Gerard Butler stars as Kable, condemned criminal and globally famous super-soldier in the ultimate multiplayer game, “Slayers.” Human controllers direct each thought and move of real-life prison inmates battling in hyper-intense environments – where the goal is freedom and the penalty is death. But when Kable suddenly decides he wants out, his rebellion threatens the twisted plans of game creator Ken Castle (Michael C. Hall, TV’s “Dexter”), who will stop at nothing to crush the renegade commando in this taut, adrenaline-packed action-thriller.


Kable, a death-row resident who has earned 27 wins at “Slayers” as well as the eyes of everyone around the world. He is controlled by 17-year-old Simon, who has reached his own celebrity status through his talent. The game’s creator and world’s richest man, Ken Castle presides over the proceedings with a manic giggle, trying to keep Kable from both his freedom and his “Society”-enslaved wife (Amber Valletta). He recruits Hackman (Terry Crews), a snarling murderer who — unbeknownst to billions of rabid fans — gets to play without the hindrance of someone controlling his moves. Meanwhile, the cyber terrorist group Humanz is intent on taking down Castle’s empire using all the technological tricks in their arsenal.

Sadly, this is just one more blemish on the resume of talented actor Gerard Butler. I applaud  the star for easily moving between action and comedy, but his taste in projects doesn’t match his abilities. Even if Gamer weren’t such a dreadful viewing experience, he still could’ve shined, but even though his name is above the title, Butler has very little to do here other than dodge bullets and break necks.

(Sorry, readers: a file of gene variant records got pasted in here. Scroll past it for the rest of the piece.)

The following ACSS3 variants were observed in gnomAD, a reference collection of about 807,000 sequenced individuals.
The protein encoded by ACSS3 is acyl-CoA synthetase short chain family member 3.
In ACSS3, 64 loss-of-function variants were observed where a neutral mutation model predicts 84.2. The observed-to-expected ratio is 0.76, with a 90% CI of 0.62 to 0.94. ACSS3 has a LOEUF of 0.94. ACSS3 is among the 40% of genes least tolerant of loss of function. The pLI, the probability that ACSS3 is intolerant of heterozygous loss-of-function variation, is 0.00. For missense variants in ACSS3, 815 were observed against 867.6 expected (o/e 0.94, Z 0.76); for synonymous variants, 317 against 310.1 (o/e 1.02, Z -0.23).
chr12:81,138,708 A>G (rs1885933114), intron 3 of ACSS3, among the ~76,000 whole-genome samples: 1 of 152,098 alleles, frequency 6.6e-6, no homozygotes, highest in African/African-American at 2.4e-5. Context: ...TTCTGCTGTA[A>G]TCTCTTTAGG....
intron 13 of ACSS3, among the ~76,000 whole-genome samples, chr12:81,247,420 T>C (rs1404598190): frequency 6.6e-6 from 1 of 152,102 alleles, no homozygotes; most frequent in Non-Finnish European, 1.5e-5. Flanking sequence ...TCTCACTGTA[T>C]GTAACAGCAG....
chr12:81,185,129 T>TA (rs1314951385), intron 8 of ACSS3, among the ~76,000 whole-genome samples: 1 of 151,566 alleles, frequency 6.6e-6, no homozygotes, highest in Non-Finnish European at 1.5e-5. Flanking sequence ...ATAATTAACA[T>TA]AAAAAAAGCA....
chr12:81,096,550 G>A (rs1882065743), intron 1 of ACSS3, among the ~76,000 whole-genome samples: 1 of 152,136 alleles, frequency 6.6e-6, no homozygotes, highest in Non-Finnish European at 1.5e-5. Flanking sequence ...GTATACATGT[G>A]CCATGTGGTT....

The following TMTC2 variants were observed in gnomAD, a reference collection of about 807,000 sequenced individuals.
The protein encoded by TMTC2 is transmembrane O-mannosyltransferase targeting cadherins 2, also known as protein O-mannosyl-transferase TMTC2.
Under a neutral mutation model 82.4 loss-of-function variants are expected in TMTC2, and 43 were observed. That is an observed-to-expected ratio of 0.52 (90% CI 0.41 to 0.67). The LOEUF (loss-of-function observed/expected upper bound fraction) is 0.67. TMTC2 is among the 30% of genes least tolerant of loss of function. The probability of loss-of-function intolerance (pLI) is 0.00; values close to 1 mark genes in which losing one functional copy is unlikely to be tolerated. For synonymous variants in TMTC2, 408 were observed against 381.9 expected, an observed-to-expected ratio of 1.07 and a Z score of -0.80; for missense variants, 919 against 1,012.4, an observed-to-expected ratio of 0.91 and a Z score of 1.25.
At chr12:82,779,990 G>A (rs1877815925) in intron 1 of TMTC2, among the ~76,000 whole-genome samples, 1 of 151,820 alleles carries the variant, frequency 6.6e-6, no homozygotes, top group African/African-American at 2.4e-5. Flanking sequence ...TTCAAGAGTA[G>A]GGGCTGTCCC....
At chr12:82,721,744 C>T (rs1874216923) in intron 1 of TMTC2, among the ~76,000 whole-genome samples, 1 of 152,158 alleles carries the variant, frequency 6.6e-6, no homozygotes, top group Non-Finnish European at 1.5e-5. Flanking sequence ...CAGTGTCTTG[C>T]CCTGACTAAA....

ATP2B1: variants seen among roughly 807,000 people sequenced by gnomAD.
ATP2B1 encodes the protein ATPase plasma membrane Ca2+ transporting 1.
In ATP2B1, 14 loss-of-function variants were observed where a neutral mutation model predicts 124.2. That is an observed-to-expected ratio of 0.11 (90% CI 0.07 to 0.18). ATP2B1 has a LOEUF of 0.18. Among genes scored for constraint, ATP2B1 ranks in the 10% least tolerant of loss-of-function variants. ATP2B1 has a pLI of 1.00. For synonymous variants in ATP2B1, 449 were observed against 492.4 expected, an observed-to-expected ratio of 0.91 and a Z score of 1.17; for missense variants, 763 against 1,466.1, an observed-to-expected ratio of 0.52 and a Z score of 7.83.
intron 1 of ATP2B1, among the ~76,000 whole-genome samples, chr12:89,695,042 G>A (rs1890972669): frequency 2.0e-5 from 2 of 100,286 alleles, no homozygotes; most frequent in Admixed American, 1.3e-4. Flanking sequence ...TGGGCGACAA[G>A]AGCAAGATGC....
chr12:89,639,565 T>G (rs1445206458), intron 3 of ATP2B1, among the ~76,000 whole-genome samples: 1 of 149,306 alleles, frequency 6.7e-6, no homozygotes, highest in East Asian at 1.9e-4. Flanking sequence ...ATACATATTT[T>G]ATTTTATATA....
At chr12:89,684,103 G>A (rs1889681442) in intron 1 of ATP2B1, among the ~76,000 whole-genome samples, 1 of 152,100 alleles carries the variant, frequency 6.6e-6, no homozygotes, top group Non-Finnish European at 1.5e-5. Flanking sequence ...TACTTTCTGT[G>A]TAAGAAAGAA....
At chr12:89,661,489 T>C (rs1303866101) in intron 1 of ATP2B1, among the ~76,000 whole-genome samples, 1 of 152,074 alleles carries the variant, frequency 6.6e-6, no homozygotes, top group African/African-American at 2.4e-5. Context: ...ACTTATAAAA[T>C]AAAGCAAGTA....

At times, Gamer seems like it could be a cautionary tale against modern society’s obsession with sex and violence (and video games). In better hands, there would’ve been smart satire amidst the action, but the message gets more than a little muddled here with the hypocritical inclusion of enough blood and boobs to sate any teenage boy’s lust. The players in “Society” are clearly being exploited, but you can almost hear the heavy breathing of the people behind the camera as they linger on exposed, gyrating flesh.

The Blu-Ray comes with a reference quality transfer that shows off every inch of the futuristic gaming world. There’s an expanded visual commentary that takes you through the creation of the film and its amazing special effects. If that wasn’t enough, you get even more BD Live apps to take the experience into a personal level. The commentaries have commentaries.

The 7.1 DTS-HD audio is pretty much LionsGate standards. These guys set the bar for audio when it comes to next-gen formats. Even if you’re not a big fan of Butler or the film, it’s worth experiencing on your home theater. Sometimes, you just need to feed it fun flicks to wipe all that mopey Criterion stuff. Give it a rental before you buy.

RELEASE DATE: 01/19/2010


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